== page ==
I had to pry myself out of the motorela, a vehicle built around a small motorcycle. Two passengers sit beside the driver, and four are jammed into two tiny seats facing each other behind him.
We were coming home from the market. Our main errand had been to get some peanuts ground, but on the way I couldn’t resist buying flowers: Orchids at less than 50 cents for a stem of half a dozen blossoms. And a mini-bouquet of roses for less than a quarter!
The colors and sights in the market are fantastic—fruits, vegetables, flowers, all kinds of housewares….and then you get to the meat section which is also fantastic but a bit more of a challenge for the nose!
On to the peanut stand. We’d brought our store-bought dry-roasted peanuts to be ground into peanut butter, but the store sells several varieties of raw peanuts as well as unshelled peanuts, and their own peanut butter (which has sugar and other added ingredients). The man poured our peanuts into the first electric grinder and put them through at least twice. Then he transferred it to a finer grinder, oozing pure peanut butter into our Tupperware bowl. It made a great snack when we got home.
So is there a spiritual lesson in all this? I think it’s joy and appreciation in the wonderful variety of God’s creation and His grace that allows us to enjoy it.
As I walked in the door this morning, two national colleagues have greeted me with big smiles and friendly greetings. I know they must have problems, too, but …
And then coming upstairs, two other colleagues have have asked how I’m doing this morning. I had to say, “Don’t ask.”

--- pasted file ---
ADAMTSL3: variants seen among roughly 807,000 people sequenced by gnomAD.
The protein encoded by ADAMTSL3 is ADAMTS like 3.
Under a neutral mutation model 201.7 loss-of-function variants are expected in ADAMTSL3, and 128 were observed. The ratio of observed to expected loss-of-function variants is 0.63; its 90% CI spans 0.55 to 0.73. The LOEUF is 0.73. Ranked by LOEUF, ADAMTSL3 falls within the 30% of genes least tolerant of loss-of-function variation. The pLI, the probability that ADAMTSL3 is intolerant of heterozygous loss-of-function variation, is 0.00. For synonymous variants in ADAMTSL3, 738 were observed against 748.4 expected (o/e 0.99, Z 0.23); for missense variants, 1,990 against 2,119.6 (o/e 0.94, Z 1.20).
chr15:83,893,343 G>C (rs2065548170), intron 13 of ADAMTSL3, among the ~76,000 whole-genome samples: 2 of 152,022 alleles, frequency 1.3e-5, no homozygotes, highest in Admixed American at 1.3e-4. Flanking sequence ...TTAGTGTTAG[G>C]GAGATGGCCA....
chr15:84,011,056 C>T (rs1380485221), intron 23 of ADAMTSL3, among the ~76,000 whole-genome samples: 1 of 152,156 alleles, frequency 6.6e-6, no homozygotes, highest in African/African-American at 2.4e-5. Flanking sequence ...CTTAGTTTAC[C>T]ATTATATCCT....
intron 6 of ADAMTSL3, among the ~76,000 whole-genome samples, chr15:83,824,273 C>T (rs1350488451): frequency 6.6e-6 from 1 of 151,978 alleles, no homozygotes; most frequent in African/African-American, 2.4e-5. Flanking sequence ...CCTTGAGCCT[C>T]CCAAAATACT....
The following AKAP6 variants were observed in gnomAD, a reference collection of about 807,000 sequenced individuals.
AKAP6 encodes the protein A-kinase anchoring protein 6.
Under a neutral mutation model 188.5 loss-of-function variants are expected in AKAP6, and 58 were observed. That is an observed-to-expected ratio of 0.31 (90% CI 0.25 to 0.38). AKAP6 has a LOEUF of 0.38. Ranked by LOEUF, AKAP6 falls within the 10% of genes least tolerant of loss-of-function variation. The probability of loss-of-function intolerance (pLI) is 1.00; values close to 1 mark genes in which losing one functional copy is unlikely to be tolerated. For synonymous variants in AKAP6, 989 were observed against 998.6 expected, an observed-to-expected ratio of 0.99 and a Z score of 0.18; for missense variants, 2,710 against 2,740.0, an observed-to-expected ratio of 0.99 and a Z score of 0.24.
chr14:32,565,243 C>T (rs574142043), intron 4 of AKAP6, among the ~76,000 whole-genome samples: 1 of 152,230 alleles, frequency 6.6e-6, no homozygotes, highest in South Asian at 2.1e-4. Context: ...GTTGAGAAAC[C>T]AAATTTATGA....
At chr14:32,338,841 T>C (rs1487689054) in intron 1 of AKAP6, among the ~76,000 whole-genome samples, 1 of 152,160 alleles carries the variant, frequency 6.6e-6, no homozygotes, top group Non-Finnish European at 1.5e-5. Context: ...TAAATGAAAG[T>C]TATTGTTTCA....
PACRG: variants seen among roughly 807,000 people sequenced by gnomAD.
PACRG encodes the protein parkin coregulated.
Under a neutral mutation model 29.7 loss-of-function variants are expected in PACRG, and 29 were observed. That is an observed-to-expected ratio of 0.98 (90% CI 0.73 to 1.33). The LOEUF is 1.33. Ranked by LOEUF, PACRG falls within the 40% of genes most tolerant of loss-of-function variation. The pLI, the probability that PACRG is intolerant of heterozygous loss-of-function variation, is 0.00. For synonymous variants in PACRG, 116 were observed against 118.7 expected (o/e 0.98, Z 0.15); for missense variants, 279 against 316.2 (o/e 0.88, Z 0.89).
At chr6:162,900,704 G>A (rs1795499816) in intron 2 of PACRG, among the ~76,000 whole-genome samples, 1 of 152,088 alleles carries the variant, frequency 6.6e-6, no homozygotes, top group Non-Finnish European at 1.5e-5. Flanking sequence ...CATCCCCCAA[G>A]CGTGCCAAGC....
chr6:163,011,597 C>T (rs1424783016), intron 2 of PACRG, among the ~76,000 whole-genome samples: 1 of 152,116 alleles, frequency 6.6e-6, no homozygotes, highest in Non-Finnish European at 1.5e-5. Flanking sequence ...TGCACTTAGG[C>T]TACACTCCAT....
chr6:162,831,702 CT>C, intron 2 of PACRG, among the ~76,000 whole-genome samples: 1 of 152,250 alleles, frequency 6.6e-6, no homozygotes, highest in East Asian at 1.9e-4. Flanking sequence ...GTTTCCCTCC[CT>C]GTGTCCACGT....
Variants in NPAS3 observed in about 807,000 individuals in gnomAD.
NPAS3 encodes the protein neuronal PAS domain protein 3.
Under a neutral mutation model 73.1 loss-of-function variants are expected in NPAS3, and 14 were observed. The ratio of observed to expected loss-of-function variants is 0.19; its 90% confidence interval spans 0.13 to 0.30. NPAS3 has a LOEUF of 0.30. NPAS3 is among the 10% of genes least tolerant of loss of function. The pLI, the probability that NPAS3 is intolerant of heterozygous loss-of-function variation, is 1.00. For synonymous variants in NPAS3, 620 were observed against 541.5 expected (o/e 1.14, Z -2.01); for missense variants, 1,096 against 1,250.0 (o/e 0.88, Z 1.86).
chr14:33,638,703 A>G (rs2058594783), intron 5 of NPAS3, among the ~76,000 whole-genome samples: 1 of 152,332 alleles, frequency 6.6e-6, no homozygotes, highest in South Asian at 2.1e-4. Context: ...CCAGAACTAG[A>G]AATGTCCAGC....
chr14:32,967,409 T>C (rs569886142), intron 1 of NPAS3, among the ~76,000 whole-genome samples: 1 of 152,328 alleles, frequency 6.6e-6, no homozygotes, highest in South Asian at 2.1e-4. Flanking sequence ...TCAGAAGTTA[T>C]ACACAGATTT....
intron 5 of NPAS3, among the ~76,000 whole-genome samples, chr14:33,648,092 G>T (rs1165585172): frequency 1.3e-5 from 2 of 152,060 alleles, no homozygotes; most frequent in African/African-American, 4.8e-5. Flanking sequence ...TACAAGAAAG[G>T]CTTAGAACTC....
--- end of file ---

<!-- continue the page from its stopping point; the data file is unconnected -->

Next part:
Little things. Finding a dark ink spot on my white pants as I took them out of the washer, remembering too late that I’d left a pen in my pocket yesterday. No more laundry detergent (too late for yesterday’s shopping trip). Making lunch for work with cold, hard, leftover burnt rice–ugh! Hearing of the failure of another Christian leader…
Tears come over small and big things. But in each of these, there is something to be thankful for, and that’s what I want to do right now:
Thank you, Lord, that the ink didn’t get on other clothes in that load!
Thank you for food to eat every day.
Thank you for your many people who stay faithful to you—and please keep us all (especially leaders) from the power of the Evil One.
And help me to live this day joyfully, prayerfully, and thankfully (1 Thess. 5:16-17).
I pulled a book off the shelf yesterday—The Good Life, by Chuck Colson who is now just beginning to enjoy the pleasures of life in heaven. On that same day, our friend Dick Elkins entered the Lord’s presence. Both of these men are heroes—one very much in the public eye, initially infamous but transformed into a servant of God and of lowly prisoners. The other served God and lowly tribal people in an obscure corner of the world, translating the Bible into their language and encouraging many (including us) with his joy and pursuit of excellence.
The other day I read 1 Samuel chapter 25 in which two men died: Samuel was well loved and deeply mourned. He had served God his whole life. On the other hand, Nabal’s demise was “good riddance!” A fool whose life served his selfish interests.
And I must mention the keen disappointment I experienced recently upon learning the truth about Thomas Kinkade, who apparently veered off the path somewhere along the way.
So who among all these enjoyed “the good life”—life worth living?
And what about me?
Is my life a wise investment?
When I’m gone, will people mourn or rejoice, be relieved or disappointed in me? What part of God’s kingdom am I helping to build?
Our eldest granddaughter, Emmeline, depends on a daily injection of growth hormone to help her grow. With the family’s genes, she probably will never be very tall, but we all want her to reach her full potential. And she is getting there! A lovely girl whose very life is a miracle. This photo was taken several years ago as she was just beginning hormone therapy—Daddy marking the growth chart.